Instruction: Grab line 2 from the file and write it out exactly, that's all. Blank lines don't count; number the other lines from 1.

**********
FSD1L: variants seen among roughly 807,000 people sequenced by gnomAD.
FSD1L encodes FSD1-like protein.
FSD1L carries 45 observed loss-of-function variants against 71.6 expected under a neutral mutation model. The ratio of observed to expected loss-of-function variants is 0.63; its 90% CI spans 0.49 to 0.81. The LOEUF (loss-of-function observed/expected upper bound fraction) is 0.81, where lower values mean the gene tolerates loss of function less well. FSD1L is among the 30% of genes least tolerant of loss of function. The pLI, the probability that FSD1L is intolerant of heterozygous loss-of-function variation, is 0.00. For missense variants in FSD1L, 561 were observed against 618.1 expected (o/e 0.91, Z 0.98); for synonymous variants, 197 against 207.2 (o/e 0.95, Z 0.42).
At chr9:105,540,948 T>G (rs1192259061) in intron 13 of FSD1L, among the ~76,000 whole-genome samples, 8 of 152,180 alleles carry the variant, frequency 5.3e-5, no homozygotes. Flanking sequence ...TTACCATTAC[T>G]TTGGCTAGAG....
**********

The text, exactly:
FSD1L encodes FSD1-like protein.